Wear and Tear

By Ed Staskus

“When I get older losing my hair, many years from now, will you still be sending me a valentine, birthday greetings, bottle of wine?”  The Beatles

Every so often a yoga magazine website feature article speaker at a seminar blog FB Instagram Huffington Post will trot out the oldest yoga teachers in the world as examples of what can be accomplished when the body mind and spirit are all set firmly on the practice. They extol their example. They direct our attention to them, pillars of light.

The old-timers are shopworn though not the worse for wear, faded, but still lit up, the sparkle of the light of yoga still in their eyes.

There are the Big Three, gone but not forgotten. K. Pattabhi Jois kept at it to the age of 93, B. K. S. Iyengar, 95, and Indra Devi, an astonishing 102. There are many people in their 50s who say they just hope to make it to retirement age. Indra Devi not only never retired, she died still in the saddle.

The yoga teacher and scholar Krishnamacharya, known as the “father of modern yoga,” started in the mid-1920s and inspired a new interest in the practice. He taught and worked at it until the day he fell into a coma and died in 1989. He was 100 years old. It’s too bad he never knew he made the century mark.

Only .01% of anybody lives to be one hundred or beyond. Those that do often credit diet, exercise, and environment. Not always, however. Edith Atkinson Wylie, a 106-year-old living in Montana, who has never done a minute of yoga in her life, credits her longevity to “bourbon and Cheetos while watching the 5 o’clock news. And good genes, too.”

Edith played the gene card. She had to, otherwise forget shouting “Bingo!” The pay-off was another glass of bourbon and somebody else’s bad news on the TV.

“Do be do be do,” Frank Sinatra sang. He didn’t make it. Not that he didn’t try, wig and all.

There’s one in every crowd, especially the 100-year crowd, who have earned whatever eccentricity they want to play up to. Edith probably wears white gloves out in public, but the liver spots still show through. Don’t argue with the 100-year crowd though. They’ll see you in the grave first.

Besides the Big Three, there are the second stringers who accomplished the same longevity.

Nanammal, born in 1919, was the oldest yoga teacher in India. Her father taught it to her when she was 8 years old. She went on to teach more than a million students over 45 years. She died late last year. Tao Porchon-Lynch, born on a ship in the English Channel in 1918, also discovered yoga when she was 8 years old. She studied with Jois and Iyengar. She was a model and actress in the 40s and 50s but in the 1960s went into yoga full-time, teaching right up to her death early this year. She was 102.

Ida Herbert, born in 1916, hit it big as the oldest yoga teacher in the world in the Guinness Book of World Records. She was 96 years old at the time. When she turned the corner on the century mark, she was still teaching a group of older women she called “Ida’s Girls.” She didn’t get into yoga until she was in her 50s, taking private lessons, reading books, and practicing on her own. She started teaching yoga at the local YMCA. Everyone was drawn to her feisty energy and repeated message to “keep moving.”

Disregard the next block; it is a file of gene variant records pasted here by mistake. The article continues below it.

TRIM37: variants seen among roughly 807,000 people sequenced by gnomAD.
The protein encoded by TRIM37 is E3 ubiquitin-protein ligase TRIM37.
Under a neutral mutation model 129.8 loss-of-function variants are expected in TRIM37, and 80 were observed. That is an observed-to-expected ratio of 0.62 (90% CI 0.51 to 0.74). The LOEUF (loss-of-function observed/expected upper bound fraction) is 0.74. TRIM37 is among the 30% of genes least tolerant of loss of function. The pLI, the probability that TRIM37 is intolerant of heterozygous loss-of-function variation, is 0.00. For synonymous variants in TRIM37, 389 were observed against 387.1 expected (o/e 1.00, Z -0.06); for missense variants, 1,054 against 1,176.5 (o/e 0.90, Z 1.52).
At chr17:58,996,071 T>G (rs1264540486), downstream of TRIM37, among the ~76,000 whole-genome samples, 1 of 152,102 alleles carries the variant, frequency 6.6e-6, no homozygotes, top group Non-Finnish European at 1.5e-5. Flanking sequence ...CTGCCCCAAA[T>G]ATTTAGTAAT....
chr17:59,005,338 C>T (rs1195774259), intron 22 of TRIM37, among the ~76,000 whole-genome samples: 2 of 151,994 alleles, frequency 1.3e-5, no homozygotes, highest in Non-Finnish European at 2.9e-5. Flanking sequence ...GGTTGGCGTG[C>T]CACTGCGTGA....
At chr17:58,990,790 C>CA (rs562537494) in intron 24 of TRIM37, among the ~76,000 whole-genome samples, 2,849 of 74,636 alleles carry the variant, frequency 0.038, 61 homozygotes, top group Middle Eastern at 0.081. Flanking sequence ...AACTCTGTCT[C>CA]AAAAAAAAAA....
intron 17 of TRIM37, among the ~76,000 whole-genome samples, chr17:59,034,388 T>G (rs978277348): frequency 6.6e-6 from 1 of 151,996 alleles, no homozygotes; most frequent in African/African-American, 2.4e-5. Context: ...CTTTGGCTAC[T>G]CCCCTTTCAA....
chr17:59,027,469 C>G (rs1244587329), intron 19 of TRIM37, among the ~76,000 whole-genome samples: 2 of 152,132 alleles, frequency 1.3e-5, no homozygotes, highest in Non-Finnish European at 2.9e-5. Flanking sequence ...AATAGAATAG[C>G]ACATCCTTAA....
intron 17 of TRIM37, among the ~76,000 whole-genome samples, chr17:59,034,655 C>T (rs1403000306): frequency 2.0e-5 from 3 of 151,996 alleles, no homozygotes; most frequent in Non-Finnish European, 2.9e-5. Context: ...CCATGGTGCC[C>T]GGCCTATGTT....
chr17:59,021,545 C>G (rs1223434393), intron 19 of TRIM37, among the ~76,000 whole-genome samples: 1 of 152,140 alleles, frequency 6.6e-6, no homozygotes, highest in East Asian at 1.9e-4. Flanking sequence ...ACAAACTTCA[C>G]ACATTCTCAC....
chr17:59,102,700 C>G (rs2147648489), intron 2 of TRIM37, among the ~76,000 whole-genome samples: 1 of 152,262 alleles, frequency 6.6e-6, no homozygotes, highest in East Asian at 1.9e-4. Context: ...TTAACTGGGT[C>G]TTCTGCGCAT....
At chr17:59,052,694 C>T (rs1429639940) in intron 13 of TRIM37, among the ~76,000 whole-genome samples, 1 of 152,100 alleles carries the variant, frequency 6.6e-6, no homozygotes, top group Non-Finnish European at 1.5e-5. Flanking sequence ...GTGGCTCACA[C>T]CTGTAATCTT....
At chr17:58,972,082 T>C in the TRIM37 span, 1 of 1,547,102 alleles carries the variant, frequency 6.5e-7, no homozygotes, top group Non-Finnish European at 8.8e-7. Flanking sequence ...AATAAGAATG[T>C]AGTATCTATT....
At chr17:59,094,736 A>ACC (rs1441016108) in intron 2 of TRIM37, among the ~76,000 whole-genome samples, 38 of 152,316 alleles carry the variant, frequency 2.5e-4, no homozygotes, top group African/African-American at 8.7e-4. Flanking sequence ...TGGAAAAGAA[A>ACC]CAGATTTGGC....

When she died in April of this year, she was 103 years old. Her ashes were scattered at “Ida’s Rock” on the lakeshore where she lived. The wind blew them into the water.

The reason the 100-year crowd gets demonstrated is because there are more old older oldest people in the world now than ever before. The planet’s population is ageing faster than in the past. The number of people 60 years and older today outnumbers children younger than 5 years. Between now and 30 years from now, the proportion of the world’s population over 60 years will nearly double from 12% to 22%.

125 million people are aged 80 years or older today. By 2050, there will be almost this many in China alone, and 434 million people in this age group worldwide. It is why yoga has significantly expanded in the past ten years. 30 to 49-year-olds are still the group doing it the most, but the numbers show that it is growing exponentially in popularity with those over 50 60 70 and 80. Adults over 50 practicing yoga tripled from 2014 to 2018.

“Let go of excuses that you’re too old,” says Carol Krucoff, a yoga therapist at Duke Integrative Medicine in Durham, N.C., and co-author of “Relax into Yoga for Seniors.”

“You don’t have to be young or fit or flexible to try yoga. If you can breathe, you can practice it,” she said.

About a million-and-a-half people live in nursing homes in the United States, according to the Centers for Disease Control and Prevention. More than 10 million more, mostly 65-or-older, need long-term support to help them with daily activities, according to the Kaiser Family Foundation. They are all breathing, but it’s a moot point whether they can totter forward to a yoga mat and get going into one asana and another.